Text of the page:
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From Banking and Finance Law Daily, August 21, 2013

CFPB highlights mortgage servicing problems and need for robust compliance management

By John M. Pachkowski, J.D.

The Consumer Financial Protection Bureau has released it latest issue of Supervisory Highlights which reviews the development of the bureau’s supervision program and shares key findings from its supervisory activities in order to help the industry limit risks to consumers and comply with federal consumer financial laws. The report highlights examination work completed between November 2012 and June 2013.

Some of the topics covered in the Supervisory Highlights include: the CFPB’s expectations for compliance management systems (CMSs); the risks faced by consumers in mortgage servicing at both bank and nonbank entities; and the provision of adverse notices under the fair lending laws.

Commenting on the release of the Supervisory Highlights, CFPB Director Richard Cordray noted, “Our examinations of banks and nonbanks allow us to correct problems before more consumers are affected. Today’s report highlights both the mortgage servicing problems throughout the industry and the challenges of making sure that nonbanks are following federal law. Fixing both is a priority for us.”

Compliance management. The CFPB expects every entity it supervises to have an effective CMS adapted to its business strategy and operations. The bureau notes that a CMS allows a supervised to: (1) establish its compliance responsibilities; (2) communicate those responsibilities to employees; (3) ensure that responsibilities for meeting legal requirements and internal policies are incorporated into business processes; (4) review operations to ensure responsibilities are carried out and legal requirements are met; (5) takes corrective action; and (6) updates tools, systems, and materials, as necessary.

In creating a CMS, the CFPB does not require entities to structure their CMS in any particular manner, but the CMS should have the following interdependent control components: (1) oversight by the entity’s board of directors and management; (2) a compliance program; (3) a consumer complaint management program; and (4) an independent compliance audit. The CFPB noted that when all of these components are strong and well-coordinated, a supervised entity should be successful at managing its compliance responsibilities and risks.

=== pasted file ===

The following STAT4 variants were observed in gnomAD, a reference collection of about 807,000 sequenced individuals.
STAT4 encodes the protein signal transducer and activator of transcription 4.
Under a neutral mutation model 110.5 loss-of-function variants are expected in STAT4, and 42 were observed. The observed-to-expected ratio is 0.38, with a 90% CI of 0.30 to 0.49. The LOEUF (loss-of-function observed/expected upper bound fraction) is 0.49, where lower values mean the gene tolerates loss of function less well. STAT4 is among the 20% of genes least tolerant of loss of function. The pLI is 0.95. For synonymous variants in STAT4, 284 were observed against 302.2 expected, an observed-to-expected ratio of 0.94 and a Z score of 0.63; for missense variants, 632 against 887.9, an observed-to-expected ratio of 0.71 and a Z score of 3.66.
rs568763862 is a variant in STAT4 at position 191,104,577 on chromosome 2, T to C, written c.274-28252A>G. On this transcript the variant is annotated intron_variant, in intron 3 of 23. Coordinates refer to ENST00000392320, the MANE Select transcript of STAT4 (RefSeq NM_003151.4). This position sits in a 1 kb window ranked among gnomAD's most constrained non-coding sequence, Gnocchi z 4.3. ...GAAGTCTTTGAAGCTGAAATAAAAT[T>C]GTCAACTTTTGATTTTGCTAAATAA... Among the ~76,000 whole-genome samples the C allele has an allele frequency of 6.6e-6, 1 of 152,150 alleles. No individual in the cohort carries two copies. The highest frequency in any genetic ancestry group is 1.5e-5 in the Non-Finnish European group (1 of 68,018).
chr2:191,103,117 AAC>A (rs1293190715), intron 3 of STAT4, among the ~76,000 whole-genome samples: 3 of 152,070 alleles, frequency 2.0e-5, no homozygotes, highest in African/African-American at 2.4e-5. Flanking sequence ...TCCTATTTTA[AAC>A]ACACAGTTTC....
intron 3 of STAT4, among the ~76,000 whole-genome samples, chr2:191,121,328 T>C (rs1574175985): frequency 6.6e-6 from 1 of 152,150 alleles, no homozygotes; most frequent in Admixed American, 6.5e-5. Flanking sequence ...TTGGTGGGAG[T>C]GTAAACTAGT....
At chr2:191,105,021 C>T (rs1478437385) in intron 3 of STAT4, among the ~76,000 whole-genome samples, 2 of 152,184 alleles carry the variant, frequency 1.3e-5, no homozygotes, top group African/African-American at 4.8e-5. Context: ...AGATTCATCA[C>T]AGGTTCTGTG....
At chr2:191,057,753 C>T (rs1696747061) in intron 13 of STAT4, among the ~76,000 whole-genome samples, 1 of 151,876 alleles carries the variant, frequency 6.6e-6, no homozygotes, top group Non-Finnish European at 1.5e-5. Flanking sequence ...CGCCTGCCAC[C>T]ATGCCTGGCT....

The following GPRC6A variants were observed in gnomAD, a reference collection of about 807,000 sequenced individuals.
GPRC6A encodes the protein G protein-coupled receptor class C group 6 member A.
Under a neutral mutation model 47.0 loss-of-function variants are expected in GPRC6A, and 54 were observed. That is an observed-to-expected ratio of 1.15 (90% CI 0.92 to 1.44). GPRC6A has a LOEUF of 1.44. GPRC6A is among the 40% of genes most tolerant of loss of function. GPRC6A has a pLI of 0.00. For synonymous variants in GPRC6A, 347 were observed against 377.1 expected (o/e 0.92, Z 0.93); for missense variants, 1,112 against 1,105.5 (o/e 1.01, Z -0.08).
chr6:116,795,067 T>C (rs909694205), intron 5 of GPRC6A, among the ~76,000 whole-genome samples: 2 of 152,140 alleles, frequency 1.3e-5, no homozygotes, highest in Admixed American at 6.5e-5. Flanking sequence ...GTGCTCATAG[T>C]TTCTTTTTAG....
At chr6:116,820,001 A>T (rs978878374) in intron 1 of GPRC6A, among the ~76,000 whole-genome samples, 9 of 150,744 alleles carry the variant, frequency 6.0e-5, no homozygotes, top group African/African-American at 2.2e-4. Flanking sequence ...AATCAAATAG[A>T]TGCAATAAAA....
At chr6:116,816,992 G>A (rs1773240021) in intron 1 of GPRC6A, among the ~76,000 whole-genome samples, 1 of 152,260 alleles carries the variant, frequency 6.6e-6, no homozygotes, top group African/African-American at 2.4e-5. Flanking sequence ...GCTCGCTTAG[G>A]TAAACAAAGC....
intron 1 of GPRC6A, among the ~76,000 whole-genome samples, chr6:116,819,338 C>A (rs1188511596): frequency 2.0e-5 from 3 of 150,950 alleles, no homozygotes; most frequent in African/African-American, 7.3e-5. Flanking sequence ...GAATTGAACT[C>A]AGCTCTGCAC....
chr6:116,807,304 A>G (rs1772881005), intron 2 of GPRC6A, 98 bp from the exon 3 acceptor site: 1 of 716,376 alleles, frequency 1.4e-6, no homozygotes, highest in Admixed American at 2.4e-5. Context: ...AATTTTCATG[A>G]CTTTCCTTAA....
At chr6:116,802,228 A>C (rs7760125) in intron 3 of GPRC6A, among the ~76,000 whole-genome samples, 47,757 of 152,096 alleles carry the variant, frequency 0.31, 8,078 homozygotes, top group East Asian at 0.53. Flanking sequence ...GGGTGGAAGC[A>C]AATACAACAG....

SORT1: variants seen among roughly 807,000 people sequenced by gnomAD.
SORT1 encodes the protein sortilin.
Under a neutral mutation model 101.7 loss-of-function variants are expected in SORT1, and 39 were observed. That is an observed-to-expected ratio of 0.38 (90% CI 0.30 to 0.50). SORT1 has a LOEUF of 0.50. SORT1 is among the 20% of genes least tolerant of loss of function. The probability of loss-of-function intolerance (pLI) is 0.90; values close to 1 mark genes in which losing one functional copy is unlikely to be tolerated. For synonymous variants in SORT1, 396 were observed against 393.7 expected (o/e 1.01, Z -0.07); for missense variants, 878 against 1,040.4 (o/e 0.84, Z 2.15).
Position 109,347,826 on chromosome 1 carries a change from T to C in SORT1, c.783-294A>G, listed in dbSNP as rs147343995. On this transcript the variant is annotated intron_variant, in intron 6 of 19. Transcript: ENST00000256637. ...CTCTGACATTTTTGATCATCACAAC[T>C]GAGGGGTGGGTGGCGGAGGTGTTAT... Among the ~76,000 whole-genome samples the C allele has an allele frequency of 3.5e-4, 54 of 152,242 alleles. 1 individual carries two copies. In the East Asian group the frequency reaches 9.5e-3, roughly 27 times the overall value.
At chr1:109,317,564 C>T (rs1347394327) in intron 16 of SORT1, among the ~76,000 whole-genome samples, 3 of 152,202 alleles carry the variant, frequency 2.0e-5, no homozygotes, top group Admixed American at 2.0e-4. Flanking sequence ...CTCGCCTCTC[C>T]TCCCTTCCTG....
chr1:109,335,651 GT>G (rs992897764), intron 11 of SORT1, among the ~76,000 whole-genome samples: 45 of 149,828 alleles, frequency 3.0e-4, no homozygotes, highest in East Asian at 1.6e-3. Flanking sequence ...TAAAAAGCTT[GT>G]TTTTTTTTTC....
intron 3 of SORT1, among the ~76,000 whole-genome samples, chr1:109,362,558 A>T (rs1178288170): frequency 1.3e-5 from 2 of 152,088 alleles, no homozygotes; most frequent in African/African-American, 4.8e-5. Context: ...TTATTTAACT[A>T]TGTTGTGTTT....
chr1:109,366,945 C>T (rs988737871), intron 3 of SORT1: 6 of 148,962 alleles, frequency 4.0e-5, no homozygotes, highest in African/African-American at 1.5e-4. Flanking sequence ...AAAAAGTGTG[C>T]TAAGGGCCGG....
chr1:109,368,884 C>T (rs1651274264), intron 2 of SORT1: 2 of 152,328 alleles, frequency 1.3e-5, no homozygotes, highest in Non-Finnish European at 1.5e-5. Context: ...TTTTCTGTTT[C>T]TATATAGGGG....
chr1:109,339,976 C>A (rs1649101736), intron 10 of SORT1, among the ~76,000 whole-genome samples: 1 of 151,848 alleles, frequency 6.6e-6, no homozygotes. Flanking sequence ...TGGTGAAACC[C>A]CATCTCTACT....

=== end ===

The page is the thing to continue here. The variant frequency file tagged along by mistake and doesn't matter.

Through its supervisory work, the CFPB found that nonbanks are more likely to lack a robust CMS, as their consumer compliance-related activities have not been subject to examinations at the federal level for compliance with federal consumer financial laws prior to the Bureau’s existence. The bureau found that nonbanks generally lack formal policies and procedures, have not developed a consumer compliance program, or do not conduct independent consumer compliance audits.

Mortgage servicing. The Supervisory Highlights also focused on the risks to consumers in mortgage servicing at both bank and nonbank entities. The CFPB noted that its examiners have “uncovered problems that can be harmful to consumers.” The bureau focused on three practices: servicing transfers, payment processing, and loss mitigation.

Examiners found noncompliance with the requirements of the Real Estate Settlement Procedures Act to provide disclosures to consumers about transfers of the servicing of their loans. In other reviews, examiners noted lack of controls relating to the review and handling of key documents necessary to ensure the proper transfer of servicing responsibilities for a loan.

Regarding payment processing, the CFPB found that servicers provided borrowers with inadequate change in address notices resulting in late payments; excessive delays in handling the cancellation of private mortgage insurance payments, resulting in late fees; and property taxes being paid later than expected, resulting in borrowers’ inability to claim a tax deduction for the year they planned.

Finally, the bureau examiners discovered issues related to various aspects of loss mitigation, including: inconsistent borrower solicitation and communication; long application review periods; poor procedures for requesting missing or incomplete information from consumers; and deceptive communications to borrowers about the status of loan modification applications.

Adverse action notices. The CFPB also placed additional focus on bank and nonbank compliance with fair lending laws and regulations—the Home Mortgage Disclosure Act (HMDA) and the Equal Credit Opportunity Act (ECOA). The bureau noted that some lenders are not complying with various aspects of the adverse action notification requirements under ECOA and Regulation B. In such instances, the CFPB has directed the entities to develop and implement plans to ensure that the appropriate monitoring and internal controls are in place to detect and prevent future violations.

MainStory: TopStory CFPB DoddFrankAct EqualCreditOpportunity Loans Mortgages RESPA TruthInLending

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